Marge took this co-signed document home after leaving a copy at the doctor's office. It was to be submitted by the doctor to a registry. At home it was placed on the refrigerator and copies given to close family members. All in all, Marge felt that she was now in more control of her own destiny.

Comment: I attended the National POLST conference in San Diego recently and was most impressed at the leadership of Oregon State in disseminating expertise to other states. There are communication, legal, legislative, and medical issues unique to each state. Now a majority of the states have programs in place. The registry created in Oregon is allowing research for the first time on the effectiveness of the POLST document and helping direct quality improvement efforts. The research letter recently published in JAMA by Dr. Susan Tolle's group is showing the way toward the future. Since CPR is generally ineffective in patients with advanced illness, the question about CPR isn't the most important one. More importantly the patient's wishes about quality of life and level of care need to be explored and documented. The POLST document is most appropriate for those in the last year of their life or for the very frail elderly when their wishes and values are clear. Having the POLST conversation is something we all need to learn and do well.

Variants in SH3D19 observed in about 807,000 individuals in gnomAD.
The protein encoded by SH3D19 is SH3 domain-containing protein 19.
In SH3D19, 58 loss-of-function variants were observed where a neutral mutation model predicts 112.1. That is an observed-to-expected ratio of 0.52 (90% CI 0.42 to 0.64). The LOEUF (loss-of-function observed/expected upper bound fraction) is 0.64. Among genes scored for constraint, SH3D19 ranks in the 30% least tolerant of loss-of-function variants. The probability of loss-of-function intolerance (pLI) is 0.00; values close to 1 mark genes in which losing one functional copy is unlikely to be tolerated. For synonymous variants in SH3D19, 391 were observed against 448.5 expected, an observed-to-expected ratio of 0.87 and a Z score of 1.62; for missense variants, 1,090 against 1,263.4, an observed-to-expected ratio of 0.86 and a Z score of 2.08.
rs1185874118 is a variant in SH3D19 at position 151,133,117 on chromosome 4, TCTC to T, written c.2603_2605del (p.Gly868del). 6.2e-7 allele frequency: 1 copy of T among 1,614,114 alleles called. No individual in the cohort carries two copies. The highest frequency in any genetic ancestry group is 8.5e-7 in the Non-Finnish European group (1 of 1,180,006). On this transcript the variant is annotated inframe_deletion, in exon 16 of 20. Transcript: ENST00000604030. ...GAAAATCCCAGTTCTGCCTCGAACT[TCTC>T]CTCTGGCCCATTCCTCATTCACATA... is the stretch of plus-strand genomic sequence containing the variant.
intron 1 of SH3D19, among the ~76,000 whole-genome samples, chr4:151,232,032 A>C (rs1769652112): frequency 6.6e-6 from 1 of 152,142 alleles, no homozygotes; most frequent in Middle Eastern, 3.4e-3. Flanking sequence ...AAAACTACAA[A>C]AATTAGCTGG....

1. We don't use the POLST or MOLST in my state. Pity.

    1. Many states are in the process of getting the POLST in place and more are coming on line all the time. You can check this out on the POLST web site and perhaps volunteer to help out in your state if there's activity! Hope it happens.

    2. Wow, that site is fascinating. I wrongly assumed that most of the nation was using the standardized form. And the last activity in my state was 2007, with no current contact information listed.

  2. Hello,